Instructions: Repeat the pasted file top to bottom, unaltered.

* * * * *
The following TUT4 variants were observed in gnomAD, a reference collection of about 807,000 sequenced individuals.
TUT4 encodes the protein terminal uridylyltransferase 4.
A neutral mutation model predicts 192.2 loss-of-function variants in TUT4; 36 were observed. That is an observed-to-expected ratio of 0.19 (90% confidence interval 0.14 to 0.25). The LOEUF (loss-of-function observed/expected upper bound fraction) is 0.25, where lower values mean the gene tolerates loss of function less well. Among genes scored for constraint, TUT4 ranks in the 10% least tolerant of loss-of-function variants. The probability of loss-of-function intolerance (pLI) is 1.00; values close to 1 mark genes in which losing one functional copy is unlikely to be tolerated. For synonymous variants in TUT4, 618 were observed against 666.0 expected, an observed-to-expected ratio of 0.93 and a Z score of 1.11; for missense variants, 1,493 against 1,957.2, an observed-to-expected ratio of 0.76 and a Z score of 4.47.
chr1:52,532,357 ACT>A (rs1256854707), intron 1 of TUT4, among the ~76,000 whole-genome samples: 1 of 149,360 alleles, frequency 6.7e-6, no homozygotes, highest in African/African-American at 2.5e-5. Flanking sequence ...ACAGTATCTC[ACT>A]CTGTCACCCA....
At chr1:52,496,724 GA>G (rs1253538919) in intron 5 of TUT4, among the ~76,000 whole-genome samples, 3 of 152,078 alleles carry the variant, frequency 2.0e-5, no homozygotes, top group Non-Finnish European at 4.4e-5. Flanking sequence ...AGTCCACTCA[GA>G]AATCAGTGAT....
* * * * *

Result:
The following TUT4 variants were observed in gnomAD, a reference collection of about 807,000 sequenced individuals.
TUT4 encodes the protein terminal uridylyltransferase 4.
A neutral mutation model predicts 192.2 loss-of-function variants in TUT4; 36 were observed. That is an observed-to-expected ratio of 0.19 (90% confidence interval 0.14 to 0.25). The LOEUF (loss-of-function observed/expected upper bound fraction) is 0.25, where lower values mean the gene tolerates loss of function less well. Among genes scored for constraint, TUT4 ranks in the 10% least tolerant of loss-of-function variants. The probability of loss-of-function intolerance (pLI) is 1.00; values close to 1 mark genes in which losing one functional copy is unlikely to be tolerated. For synonymous variants in TUT4, 618 were observed against 666.0 expected, an observed-to-expected ratio of 0.93 and a Z score of 1.11; for missense variants, 1,493 against 1,957.2, an observed-to-expected ratio of 0.76 and a Z score of 4.47.
chr1:52,532,357 ACT>A (rs1256854707), intron 1 of TUT4, among the ~76,000 whole-genome samples: 1 of 149,360 alleles, frequency 6.7e-6, no homozygotes, highest in African/African-American at 2.5e-5. Flanking sequence ...ACAGTATCTC[ACT>A]CTGTCACCCA....
At chr1:52,496,724 GA>G (rs1253538919) in intron 5 of TUT4, among the ~76,000 whole-genome samples, 3 of 152,078 alleles carry the variant, frequency 2.0e-5, no homozygotes, top group Non-Finnish European at 4.4e-5. Flanking sequence ...AGTCCACTCA[GA>G]AATCAGTGAT....